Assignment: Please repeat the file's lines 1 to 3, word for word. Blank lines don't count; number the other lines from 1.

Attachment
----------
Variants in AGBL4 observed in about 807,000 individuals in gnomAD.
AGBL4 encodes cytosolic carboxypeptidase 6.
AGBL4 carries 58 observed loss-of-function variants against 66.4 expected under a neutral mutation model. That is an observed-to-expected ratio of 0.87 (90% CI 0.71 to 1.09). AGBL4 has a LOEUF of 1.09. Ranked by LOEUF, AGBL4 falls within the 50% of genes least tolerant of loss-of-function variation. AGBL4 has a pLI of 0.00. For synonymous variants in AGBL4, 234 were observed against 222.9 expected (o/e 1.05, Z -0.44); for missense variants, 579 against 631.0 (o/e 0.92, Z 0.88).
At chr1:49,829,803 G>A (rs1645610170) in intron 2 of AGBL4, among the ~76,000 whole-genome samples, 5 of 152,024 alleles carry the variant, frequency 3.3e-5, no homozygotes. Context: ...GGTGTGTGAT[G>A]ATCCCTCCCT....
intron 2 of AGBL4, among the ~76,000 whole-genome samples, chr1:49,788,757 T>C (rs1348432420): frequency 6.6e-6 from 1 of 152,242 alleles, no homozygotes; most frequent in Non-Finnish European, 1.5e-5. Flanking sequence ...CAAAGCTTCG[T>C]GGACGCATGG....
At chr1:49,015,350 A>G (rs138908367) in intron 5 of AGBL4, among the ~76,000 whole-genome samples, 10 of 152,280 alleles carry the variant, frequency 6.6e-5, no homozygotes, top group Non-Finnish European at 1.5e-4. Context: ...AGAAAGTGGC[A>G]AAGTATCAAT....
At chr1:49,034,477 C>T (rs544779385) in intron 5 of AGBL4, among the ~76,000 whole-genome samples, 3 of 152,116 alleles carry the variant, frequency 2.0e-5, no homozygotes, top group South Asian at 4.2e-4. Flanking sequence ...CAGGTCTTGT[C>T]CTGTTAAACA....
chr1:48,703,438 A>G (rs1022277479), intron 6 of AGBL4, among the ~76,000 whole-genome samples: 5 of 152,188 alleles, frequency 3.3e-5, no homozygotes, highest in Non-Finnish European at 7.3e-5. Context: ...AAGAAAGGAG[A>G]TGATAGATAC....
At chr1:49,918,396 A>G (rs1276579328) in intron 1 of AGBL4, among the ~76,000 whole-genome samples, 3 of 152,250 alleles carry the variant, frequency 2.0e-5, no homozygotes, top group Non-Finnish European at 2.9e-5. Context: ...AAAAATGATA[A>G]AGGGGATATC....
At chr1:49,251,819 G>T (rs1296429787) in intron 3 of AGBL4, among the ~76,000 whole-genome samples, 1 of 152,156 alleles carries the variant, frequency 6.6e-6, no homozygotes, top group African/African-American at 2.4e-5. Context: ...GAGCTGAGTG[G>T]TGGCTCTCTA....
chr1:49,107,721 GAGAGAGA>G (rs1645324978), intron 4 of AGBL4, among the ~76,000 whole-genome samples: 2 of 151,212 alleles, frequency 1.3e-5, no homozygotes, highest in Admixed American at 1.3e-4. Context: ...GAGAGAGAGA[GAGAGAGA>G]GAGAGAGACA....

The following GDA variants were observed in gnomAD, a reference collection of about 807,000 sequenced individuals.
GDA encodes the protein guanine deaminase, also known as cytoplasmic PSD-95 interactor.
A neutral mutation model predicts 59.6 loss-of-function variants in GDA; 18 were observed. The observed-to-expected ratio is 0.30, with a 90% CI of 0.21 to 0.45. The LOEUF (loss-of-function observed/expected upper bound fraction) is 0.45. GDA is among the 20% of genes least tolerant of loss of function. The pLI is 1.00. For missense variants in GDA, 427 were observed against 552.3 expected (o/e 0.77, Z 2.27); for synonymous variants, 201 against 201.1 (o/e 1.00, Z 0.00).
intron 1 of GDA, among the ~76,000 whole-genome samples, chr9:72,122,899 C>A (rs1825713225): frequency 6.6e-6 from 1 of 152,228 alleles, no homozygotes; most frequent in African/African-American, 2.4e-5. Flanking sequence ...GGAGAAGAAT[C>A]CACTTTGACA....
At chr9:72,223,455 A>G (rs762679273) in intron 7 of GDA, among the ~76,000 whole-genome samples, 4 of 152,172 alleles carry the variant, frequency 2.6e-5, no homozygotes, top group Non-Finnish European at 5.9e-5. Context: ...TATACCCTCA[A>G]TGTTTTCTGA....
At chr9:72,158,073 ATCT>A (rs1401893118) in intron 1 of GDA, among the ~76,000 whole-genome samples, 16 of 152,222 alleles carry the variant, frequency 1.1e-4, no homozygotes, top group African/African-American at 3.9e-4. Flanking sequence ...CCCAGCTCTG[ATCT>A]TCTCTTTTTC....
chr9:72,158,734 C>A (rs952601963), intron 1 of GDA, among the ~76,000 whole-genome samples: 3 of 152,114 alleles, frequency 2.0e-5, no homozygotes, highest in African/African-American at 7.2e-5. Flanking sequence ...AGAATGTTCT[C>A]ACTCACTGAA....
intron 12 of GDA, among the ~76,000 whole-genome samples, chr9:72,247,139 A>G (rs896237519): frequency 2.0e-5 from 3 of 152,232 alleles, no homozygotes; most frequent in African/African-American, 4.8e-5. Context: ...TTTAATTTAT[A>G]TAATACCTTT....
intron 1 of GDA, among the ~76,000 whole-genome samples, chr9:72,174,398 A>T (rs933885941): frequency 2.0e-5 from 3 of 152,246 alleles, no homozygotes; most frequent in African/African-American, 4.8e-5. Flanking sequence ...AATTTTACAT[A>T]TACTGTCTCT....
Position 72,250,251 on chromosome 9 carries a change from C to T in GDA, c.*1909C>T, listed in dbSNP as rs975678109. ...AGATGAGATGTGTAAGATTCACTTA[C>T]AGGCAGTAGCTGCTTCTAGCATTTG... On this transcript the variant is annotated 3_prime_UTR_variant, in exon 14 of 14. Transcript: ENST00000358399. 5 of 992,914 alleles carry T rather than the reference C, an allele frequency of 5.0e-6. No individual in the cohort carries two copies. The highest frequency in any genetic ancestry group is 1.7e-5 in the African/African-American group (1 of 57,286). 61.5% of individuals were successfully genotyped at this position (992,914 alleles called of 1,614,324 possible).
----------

Variants in AGBL4 observed in about 807,000 individuals in gnomAD.
AGBL4 encodes cytosolic carboxypeptidase 6.
AGBL4 carries 58 observed loss-of-function variants against 66.4 expected under a neutral mutation model. That is an observed-to-expected ratio of 0.87 (90% CI 0.71 to 1.09). AGBL4 has a LOEUF of 1.09. Ranked by LOEUF, AGBL4 falls within the 50% of genes least tolerant of loss-of-function variation. AGBL4 has a pLI of 0.00. For synonymous variants in AGBL4, 234 were observed against 222.9 expected (o/e 1.05, Z -0.44); for missense variants, 579 against 631.0 (o/e 0.92, Z 0.88).